The central visual theme for our building at Amarula Campsite are Arches and Domes.
In my deliberations about a suitable roof structure that doesn’t involve wood (there are no large trees in the area that can produce lumber or long, straight structural pieces) I explored the idea of domes and vaults. It made sense: Handmade, fired bricks are available in the village, clay for mortar is on site – all we were missing was the expertise to build.
After some searching I realized that dome-building is part of biogas digester construction which is quite common here. So contacting one of the biogas companies in Arusha lead to the contact with our “fundi” Petro Omala and his son Goodluck Omala- both experienced and open to the challenge of our project.
First we needed a support structure that was able to span the 2+m opening between the kitchen and sitting room: the Arch. This arch had to be strong enough to carry one side of the sitting room dome and the south edge of the kitchen Vault. Petro recommended using cement mortar for its higher compressive strength, and suggested pointing with clay later.
Completed central Arch
Our layout includes several part circles, so my question was all along how to go from that to a circular shape for the dome: turns out the shape does not need to be a perfect circle. It is important that there are no straight edges though so that the forces can always press toward the center.
The sleeping room dome was built first- a radius of about 1.4 m.
The bricks were laid on edge- this reduces the overall weight of the dome. Layer after layer gets built with ever increasing tilt to the center. The clay mortar forms a strong bond with the bricks after a few seconds.
And this is the secret to the building of a dome: Hold the bricks in place with special hooks until the mortar dries a little or until the layer is complete.
hanging the 'hook'
Let me mention here that cement mortar would not work well because it is not sticky.
Attention must be paid to the edges of the bricks, and it is important to have mortar in all joints
building the dome
We chose to finish each dome with a bottle at the center, allowing light to come through and light up the ceiling a little.
bottle at the center
The larger dome of the sitting room was also built “free”- meaning without the guide of a radial stick. This was necessary because of the irregular shape of the plan, and made it difficult for our learning builders to build more than the first rows of the dome.
The following pictures show some of the scenes at work:
Master and student on the dome
working together on the dome
domes complete, preparing for the vault
With the domes closed our final task was to build the Nubian Vault over the kitchen. The technique of this type of vault relies on a strong end wall on which the first courses of the vault lean. This allows the builders to construct the entire vault without formwork.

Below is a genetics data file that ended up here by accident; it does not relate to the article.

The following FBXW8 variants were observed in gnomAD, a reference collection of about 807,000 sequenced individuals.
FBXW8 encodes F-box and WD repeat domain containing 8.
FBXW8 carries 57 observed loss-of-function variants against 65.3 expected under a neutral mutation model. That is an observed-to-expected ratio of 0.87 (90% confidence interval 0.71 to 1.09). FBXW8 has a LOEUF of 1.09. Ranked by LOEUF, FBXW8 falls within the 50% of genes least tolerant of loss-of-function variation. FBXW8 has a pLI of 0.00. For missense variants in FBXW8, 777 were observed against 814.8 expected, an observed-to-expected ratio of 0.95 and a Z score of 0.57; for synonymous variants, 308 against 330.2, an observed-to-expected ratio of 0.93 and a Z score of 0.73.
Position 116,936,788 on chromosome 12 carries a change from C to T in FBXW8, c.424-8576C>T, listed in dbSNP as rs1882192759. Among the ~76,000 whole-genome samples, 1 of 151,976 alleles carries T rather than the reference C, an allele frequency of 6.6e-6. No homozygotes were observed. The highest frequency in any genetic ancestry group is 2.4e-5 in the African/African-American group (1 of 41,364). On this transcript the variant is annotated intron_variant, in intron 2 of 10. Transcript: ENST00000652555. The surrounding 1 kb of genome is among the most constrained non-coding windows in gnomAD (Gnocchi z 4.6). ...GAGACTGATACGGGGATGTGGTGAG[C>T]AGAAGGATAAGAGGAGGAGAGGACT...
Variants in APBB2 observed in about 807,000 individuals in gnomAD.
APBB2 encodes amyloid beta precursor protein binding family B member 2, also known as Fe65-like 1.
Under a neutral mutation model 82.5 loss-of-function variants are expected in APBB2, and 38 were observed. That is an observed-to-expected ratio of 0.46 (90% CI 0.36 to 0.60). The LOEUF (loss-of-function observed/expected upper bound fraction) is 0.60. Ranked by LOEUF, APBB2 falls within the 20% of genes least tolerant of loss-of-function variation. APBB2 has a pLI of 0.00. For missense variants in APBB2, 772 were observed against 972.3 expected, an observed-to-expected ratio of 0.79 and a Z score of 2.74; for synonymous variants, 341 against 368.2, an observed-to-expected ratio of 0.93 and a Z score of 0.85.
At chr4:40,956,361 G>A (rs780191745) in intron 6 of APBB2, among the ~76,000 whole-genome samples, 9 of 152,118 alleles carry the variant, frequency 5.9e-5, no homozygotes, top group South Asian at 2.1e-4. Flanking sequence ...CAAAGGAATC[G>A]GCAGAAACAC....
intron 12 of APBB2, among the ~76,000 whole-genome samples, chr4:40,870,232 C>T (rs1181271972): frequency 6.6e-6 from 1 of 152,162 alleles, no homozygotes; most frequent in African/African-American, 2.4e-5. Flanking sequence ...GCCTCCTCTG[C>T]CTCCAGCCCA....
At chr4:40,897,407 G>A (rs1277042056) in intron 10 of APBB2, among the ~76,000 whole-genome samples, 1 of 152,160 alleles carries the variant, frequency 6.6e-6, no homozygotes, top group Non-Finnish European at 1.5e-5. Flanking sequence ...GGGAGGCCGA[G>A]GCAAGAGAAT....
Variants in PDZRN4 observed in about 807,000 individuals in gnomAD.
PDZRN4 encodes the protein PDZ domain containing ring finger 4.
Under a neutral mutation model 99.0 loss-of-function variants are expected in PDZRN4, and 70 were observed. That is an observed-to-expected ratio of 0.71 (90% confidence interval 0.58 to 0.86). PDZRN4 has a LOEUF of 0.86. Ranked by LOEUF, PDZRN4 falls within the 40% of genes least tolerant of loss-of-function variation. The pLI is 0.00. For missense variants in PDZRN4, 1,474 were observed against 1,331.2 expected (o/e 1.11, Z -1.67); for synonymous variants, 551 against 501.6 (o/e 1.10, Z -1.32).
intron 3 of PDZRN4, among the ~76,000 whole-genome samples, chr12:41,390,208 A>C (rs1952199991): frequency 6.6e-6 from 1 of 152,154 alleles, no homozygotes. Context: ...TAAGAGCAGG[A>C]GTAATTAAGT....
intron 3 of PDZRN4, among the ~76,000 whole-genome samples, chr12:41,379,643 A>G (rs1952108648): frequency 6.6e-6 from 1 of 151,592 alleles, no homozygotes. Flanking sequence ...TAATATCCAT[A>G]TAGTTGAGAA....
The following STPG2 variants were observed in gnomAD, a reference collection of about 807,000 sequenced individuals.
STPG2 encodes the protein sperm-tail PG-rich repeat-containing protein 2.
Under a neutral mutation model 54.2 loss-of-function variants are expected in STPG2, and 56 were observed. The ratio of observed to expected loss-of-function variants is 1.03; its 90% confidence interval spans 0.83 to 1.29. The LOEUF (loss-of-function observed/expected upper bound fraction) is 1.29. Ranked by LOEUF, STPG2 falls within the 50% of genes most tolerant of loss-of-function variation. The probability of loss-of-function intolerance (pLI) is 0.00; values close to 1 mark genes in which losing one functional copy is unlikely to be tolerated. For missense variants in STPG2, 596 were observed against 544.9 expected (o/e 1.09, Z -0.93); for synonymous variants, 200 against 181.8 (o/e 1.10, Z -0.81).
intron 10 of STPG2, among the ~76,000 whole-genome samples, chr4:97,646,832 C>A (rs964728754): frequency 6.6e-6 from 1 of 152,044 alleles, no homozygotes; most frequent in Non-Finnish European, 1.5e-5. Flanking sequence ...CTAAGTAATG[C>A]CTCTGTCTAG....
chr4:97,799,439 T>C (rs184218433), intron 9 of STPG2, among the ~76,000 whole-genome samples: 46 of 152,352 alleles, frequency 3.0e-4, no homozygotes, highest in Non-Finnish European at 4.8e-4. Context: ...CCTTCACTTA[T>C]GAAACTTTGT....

Laying out the Nubian Vault's curve on the supporting wall
Start of the Nubian Vault
For the vault the bricks are laid “standing”. Two people work on either side and build the following bottom courses while the complete course is left to dry. Then both work together to complete each arch, supporting bricks for each other.
the opening of the Nubian Vault
The West end of the Vault is met by a half dome: note the changing direction of the bricks in the following picture:
closing from Vault to Half Dome at the West end
Nubian Vault and small dome
To complete the roof we now have to plaster all surfaces and then build gutters and good drainage. Watch for follow up posts in the near future.
Yesterday was an exciting morning for us: Dr.Jane Goodall came for a short visit to the Gallery at the Masai Cafe in Arusha to meet Seppo and get introduced to the work of the Rock Art project. It’s all connected through her Roots and Shoots organization with which the Rock Art Project collaborates in village schools in the Kondoa region.
She is a living legend and for many of us a hero: her name brings up images of a young woman connecting with chimpanzees out in the wild of the Tanzanian forest, and that of a powerful advocate for the protection of wildlife habitat.
What I heard strongly from her was a deep commitment to the fostering of education and personal action of the next generations.
In her speech at St.Constantine’s International School she spoke of hope: that through small individual daily action we can bring about change, to follow your dream and stick with it and to watch for opportunities to propel that dream forward.
It is often through fortunate encounters in combination with reaching for high goals that the next door will open.
My favourite tidbit was a memory she shared of being four years old and hiding under straw in a nesting box in order to watch a chicken lay an egg: finding the answer to her question “how does the egg come out of the chicken?” It illustrates even at that early age her determined character and a curiosity and love for animals.